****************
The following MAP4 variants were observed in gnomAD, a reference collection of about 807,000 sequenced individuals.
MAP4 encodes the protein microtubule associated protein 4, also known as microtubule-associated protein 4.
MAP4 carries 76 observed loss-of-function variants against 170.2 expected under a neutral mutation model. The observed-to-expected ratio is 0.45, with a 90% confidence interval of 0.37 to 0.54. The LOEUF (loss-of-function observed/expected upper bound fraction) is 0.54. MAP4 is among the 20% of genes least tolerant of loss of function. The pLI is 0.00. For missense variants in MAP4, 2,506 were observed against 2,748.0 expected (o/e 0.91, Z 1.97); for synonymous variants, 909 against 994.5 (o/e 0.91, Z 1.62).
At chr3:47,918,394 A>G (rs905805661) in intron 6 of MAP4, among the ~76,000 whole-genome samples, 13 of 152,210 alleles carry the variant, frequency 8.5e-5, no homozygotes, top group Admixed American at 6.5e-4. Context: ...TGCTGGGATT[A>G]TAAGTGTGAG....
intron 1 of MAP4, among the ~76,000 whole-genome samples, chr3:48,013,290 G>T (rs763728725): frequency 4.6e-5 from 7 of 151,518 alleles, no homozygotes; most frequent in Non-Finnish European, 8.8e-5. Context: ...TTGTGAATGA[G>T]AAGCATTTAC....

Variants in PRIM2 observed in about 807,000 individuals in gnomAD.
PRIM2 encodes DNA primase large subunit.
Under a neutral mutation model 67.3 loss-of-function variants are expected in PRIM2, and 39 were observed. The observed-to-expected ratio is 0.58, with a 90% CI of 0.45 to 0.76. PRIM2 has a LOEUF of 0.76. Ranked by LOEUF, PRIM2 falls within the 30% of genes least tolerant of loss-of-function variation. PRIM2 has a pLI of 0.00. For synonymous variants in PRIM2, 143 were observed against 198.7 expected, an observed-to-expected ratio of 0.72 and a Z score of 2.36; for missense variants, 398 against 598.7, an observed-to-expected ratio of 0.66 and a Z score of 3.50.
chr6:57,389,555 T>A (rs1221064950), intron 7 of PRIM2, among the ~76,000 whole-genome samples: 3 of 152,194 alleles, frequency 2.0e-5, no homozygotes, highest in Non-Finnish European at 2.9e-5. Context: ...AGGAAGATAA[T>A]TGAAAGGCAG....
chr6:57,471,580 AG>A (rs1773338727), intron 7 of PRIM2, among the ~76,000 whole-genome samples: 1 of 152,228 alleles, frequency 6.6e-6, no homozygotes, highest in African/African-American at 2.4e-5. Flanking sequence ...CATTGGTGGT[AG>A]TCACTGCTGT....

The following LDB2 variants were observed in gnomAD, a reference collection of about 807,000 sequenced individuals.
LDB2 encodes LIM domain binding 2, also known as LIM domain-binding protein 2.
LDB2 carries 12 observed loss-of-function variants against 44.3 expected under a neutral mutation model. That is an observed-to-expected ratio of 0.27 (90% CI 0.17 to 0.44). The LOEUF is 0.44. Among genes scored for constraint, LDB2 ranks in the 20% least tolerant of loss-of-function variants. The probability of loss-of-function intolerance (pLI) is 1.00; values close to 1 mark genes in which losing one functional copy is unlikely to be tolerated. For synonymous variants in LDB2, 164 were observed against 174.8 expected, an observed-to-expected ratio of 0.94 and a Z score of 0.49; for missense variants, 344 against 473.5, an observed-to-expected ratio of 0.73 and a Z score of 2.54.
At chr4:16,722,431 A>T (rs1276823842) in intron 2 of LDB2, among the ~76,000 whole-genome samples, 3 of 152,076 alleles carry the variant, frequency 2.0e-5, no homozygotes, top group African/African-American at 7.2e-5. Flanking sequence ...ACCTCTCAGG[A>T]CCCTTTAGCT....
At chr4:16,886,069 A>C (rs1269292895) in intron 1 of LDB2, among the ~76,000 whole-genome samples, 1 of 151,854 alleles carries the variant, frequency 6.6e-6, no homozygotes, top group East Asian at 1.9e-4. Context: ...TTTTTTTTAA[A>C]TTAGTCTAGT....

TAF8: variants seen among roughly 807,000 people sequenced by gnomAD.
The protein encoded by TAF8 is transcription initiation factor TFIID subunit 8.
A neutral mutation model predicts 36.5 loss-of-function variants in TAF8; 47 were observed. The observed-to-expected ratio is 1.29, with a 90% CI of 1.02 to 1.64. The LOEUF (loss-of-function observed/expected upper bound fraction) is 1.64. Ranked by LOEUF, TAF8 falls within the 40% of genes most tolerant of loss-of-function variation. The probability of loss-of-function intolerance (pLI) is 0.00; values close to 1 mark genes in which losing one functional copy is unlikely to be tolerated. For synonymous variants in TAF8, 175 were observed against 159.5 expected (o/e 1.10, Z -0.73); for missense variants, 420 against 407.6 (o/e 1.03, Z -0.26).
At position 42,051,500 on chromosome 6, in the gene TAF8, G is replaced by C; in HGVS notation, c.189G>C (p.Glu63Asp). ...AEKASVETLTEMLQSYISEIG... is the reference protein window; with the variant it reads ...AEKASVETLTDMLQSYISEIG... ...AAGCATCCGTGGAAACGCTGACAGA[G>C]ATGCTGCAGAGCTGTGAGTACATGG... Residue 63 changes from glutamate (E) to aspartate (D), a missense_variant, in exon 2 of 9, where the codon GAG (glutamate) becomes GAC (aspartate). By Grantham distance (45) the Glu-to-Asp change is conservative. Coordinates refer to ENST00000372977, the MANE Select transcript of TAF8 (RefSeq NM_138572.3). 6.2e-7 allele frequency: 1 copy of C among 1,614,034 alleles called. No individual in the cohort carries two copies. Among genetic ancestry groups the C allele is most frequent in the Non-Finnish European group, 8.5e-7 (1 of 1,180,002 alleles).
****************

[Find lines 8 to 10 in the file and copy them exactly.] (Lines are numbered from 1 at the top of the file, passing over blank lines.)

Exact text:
Under a neutral mutation model 67.3 loss-of-function variants are expected in PRIM2, and 39 were observed. The observed-to-expected ratio is 0.58, with a 90% CI of 0.45 to 0.76. PRIM2 has a LOEUF of 0.76. Ranked by LOEUF, PRIM2 falls within the 30% of genes least tolerant of loss-of-function variation. PRIM2 has a pLI of 0.00. For synonymous variants in PRIM2, 143 were observed against 198.7 expected, an observed-to-expected ratio of 0.72 and a Z score of 2.36; for missense variants, 398 against 598.7, an observed-to-expected ratio of 0.66 and a Z score of 3.50.
chr6:57,389,555 T>A (rs1221064950), intron 7 of PRIM2, among the ~76,000 whole-genome samples: 3 of 152,194 alleles, frequency 2.0e-5, no homozygotes, highest in Non-Finnish European at 2.9e-5. Context: ...AGGAAGATAA[T>A]TGAAAGGCAG....
chr6:57,471,580 AG>A (rs1773338727), intron 7 of PRIM2, among the ~76,000 whole-genome samples: 1 of 152,228 alleles, frequency 6.6e-6, no homozygotes, highest in African/African-American at 2.4e-5. Flanking sequence ...CATTGGTGGT[AG>A]TCACTGCTGT....